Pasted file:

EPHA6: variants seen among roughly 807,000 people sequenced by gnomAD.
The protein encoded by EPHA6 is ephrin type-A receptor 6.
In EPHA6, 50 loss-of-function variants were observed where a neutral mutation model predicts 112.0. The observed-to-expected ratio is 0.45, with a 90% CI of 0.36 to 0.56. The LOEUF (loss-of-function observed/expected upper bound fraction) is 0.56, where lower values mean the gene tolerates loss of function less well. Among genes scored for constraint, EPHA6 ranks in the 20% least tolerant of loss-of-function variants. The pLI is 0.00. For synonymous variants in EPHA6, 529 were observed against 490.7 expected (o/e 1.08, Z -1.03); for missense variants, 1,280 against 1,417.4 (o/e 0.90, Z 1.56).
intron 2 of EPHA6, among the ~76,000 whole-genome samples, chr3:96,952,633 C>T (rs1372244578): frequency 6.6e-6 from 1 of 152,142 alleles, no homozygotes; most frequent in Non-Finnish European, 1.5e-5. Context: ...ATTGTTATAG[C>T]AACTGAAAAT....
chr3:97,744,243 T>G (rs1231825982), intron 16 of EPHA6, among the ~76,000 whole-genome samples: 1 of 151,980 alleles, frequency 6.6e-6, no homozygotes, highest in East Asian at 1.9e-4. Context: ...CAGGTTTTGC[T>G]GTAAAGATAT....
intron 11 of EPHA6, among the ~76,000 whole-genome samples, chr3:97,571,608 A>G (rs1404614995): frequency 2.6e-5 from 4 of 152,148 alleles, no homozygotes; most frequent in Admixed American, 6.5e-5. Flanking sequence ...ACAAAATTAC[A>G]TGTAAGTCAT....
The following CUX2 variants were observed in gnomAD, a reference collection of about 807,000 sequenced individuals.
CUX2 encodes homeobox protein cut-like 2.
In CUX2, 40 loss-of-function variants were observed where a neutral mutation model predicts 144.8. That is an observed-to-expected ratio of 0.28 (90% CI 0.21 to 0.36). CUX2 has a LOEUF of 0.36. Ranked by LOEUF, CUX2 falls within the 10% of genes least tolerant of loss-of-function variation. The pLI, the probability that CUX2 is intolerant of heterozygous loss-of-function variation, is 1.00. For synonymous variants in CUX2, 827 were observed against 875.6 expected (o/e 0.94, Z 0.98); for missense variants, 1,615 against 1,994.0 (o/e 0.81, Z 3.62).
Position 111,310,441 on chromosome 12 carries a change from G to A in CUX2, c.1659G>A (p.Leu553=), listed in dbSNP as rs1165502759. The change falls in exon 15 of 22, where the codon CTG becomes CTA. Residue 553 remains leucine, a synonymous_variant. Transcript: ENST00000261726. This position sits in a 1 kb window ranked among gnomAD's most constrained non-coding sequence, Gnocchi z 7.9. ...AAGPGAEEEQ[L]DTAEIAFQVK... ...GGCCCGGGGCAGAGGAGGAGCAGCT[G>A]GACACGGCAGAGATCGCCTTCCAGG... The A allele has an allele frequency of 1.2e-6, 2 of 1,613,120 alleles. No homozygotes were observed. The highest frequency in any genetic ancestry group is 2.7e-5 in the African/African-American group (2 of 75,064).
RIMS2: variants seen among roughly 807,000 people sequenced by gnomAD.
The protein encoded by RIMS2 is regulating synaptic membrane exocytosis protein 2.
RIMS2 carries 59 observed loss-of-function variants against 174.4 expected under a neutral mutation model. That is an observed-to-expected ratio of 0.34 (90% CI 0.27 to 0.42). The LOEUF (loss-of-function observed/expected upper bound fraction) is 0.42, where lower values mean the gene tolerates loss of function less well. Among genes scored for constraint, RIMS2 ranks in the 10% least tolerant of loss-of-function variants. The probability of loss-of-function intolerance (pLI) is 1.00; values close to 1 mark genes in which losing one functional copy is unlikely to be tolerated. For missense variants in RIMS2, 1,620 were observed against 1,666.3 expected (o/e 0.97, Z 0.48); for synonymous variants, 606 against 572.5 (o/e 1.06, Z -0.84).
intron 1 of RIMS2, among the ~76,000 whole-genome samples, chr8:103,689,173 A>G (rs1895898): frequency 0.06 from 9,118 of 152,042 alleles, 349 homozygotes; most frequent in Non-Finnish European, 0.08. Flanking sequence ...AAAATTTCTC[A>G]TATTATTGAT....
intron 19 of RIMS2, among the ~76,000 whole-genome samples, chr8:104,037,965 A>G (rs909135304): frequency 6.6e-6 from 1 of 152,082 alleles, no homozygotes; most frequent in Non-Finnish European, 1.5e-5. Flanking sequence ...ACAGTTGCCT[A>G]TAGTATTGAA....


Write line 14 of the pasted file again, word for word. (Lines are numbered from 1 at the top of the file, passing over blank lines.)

intron 1 of RIMS2, among the ~76,000 whole-genome samples, chr8:103,689,173 A>G (rs1895898): frequency 0.06 from 9,118 of 152,042 alleles, 349 homozygotes; most frequent in Non-Finnish European, 0.08. Flanking sequence ...AAAATTTCTC[A>G]TATTATTGAT....